Hospice provider AseraCare has agreed to a $1 million settlement with the U.S. Department of Justice in a longstanding Qui Tam False Claims Act (FCA) case that began in 2008. The outcome of the case could set an important precedent as FCA suits continue to be the most prevalent enforcement actions that target hospices in the courts.
Though the company was cleared of the allegations, the Department of Justice was given the opportunity to review the evidence and present any new information for further action. Rather than continue to pursue the case in court, Aseracare agreed to the settlement.
Arguments in the United States vs. AseraCare tried to untangle the complex question of whether live discharges from hospice care were the result of deliberate fraud or occurred because of the inherent difficulty of predicting a patient’s life expectancy. The Eleventh Circuit Court of Appeals in September agreed with the Northern District of Alabama that a mere difference of physician’s opinions on a terminal patient’s prognosis does not indicate falsity under the FCA.
“We were made aware of allegations from some prior employees in Wisconsin and in Alabama, and the allegations were that we were taking care of patients that were not medically or clinically qualified for hospice,” said Angie Sells, senior vice president of AseraCare. “I will say that true to our hospice community, there were opportunities to mediate this case or settle this case, but AseraCare’s stance, which we have always kept, is that after reviewing the allegations that we were taking care of patients that deserved hospice and were clinically eligible for hospice, so we decided to take the case to court.”
AseraCare operates 44 locations in 14 states, with an average daily census of 2,200 patients.
When the initial case was filed, a physician witness for the government reviewed 233 patient records and concluded that most of the patients should have been found ineligible for the Medicare Hospice Benefit. Other physician witnesses backed AseraCare, saying that they too would have determined that the patients in question should have been referred to hospice.
The government appealed the case after a lower court sided with AseraCare on the grounds that physician witnesses could not reach consensus on the medical necessity of hospice care for the patients, making culpability unclear. The judge’s decision overruled the jury who had sided with the government.
While partially affirming the Northern District’s decision, the Eleventh Circuit sided with the government’s position that the district court should have considered all the evidence in the record to determine whether grounds for trial existed. The case was remanded back to the district court to resolve this, but the appellate court stipulated that any further evidence of falsity brought by the government must be linked to the specific 123 claims named in the case.
“In December of 2019, we met with the judge and she gave us a timeframe for the Department of Justice to come back with any other information that could tie a particular patient to a particular claim. We went to the table in January to talk about can we settle this case and be done with it,” Sells told Hospice News. “We just decided on a settlement of convenience between the two entities — that rather than the Department of Justice spend time and effort trying to find anything else they could tie back, and for us to spend any more money related to the the case — we would settle for a million dollars.”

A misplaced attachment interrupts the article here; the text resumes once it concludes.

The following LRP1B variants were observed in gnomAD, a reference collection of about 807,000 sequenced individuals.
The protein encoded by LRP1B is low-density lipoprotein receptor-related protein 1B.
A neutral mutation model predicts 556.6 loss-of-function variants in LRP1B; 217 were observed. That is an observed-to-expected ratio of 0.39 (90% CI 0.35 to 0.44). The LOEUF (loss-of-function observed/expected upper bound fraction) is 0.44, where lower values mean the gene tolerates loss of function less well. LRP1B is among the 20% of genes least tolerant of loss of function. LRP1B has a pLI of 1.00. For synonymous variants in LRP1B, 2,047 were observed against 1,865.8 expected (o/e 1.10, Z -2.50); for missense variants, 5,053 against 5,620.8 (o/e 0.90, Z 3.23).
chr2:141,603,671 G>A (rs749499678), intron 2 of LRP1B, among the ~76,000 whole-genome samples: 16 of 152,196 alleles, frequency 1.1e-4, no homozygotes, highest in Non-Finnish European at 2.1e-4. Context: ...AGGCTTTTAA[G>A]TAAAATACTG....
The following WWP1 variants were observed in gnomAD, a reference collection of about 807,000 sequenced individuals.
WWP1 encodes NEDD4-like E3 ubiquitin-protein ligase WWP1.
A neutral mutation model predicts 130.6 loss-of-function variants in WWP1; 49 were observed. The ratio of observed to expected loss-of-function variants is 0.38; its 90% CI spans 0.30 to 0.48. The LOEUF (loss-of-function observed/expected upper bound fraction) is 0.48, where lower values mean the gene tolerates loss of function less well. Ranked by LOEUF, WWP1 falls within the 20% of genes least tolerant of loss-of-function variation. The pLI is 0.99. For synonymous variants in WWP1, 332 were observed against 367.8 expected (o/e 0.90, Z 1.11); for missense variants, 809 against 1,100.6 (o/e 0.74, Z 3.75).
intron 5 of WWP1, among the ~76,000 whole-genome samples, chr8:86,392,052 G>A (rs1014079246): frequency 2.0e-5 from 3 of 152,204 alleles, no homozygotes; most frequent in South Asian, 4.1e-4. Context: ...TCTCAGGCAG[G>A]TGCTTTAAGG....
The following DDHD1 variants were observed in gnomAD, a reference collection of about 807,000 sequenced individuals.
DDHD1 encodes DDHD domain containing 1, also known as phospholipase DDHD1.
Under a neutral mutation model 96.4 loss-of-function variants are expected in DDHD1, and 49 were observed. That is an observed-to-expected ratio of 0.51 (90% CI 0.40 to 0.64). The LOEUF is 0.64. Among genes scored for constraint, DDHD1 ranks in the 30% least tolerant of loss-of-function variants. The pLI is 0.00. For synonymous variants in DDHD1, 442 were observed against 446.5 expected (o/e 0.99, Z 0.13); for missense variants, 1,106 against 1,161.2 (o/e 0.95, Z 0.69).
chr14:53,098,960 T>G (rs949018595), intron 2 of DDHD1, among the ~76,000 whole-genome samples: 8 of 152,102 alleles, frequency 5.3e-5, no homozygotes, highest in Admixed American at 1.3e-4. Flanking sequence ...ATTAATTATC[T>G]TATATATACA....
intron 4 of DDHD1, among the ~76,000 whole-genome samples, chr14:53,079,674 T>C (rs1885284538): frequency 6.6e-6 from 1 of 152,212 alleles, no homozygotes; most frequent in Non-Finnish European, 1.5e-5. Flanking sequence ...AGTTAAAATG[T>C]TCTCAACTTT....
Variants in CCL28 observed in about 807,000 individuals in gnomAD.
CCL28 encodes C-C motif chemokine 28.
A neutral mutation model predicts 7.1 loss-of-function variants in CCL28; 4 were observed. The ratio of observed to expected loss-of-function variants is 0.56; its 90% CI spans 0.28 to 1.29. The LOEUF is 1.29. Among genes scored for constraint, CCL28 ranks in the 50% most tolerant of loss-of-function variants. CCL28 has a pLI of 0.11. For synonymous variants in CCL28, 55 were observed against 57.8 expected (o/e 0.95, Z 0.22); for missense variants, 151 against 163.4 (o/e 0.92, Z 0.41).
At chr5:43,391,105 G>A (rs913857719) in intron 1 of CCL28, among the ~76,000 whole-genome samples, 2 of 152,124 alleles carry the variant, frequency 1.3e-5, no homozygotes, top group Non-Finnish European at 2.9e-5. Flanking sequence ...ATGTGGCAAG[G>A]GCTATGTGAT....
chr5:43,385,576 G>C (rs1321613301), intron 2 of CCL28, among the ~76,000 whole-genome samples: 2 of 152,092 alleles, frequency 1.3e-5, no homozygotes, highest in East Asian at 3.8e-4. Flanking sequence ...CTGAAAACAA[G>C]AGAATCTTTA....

During the case, the National Hospice & Palliative Care Organization (NHPCO) had filed an amicus brief backing AseraCare.
NHPCO’s amicus brief argued that a “disagreement among physicians as to an individual’s terminal prognosis based on a review of the individual’s medical record give rise to a FCA violation, ignores the well-recognized difficulty of accurately predicting the end of life and threatens to undermine Congress’s goal of ensuring access to the Medicare hospice benefit where a physician has concluded, in his or her clinical judgement, that a patient is terminally ill.”
The Justice Department did not respond to Hospice News’ inquiries regarding the case.
The U.S. Centers for Medicare & Medicaid Services (CMS) and Justice Department in recent years have increasingly scrutinized hospice providers because of live discharges and re-certifications. These issues have resulted in an increasing number of CMS audits, Health and Human Services Inspector General investigations, and litigation.
This scrutiny thus far shows no sign of slowing down. In another recently adjudicated case, STG Healthcare of Atlanta agreed to pay $1.75 million to resolve FCA allegations.
“As more Americans choose hospice care, more government funding is being provided to this critical service. Unfortunately, scammers are seizing an opportunity to steal precious funding by enrolling ineligible patients in hospice care,” Derrick Jackson, special agent in charge for the Office of Inspector General of the U.S. Department of Health and Human Services said in a statement regarding the STG case. “With our law enforcement partners, we will continue to protect patients and the programs on which they depend.”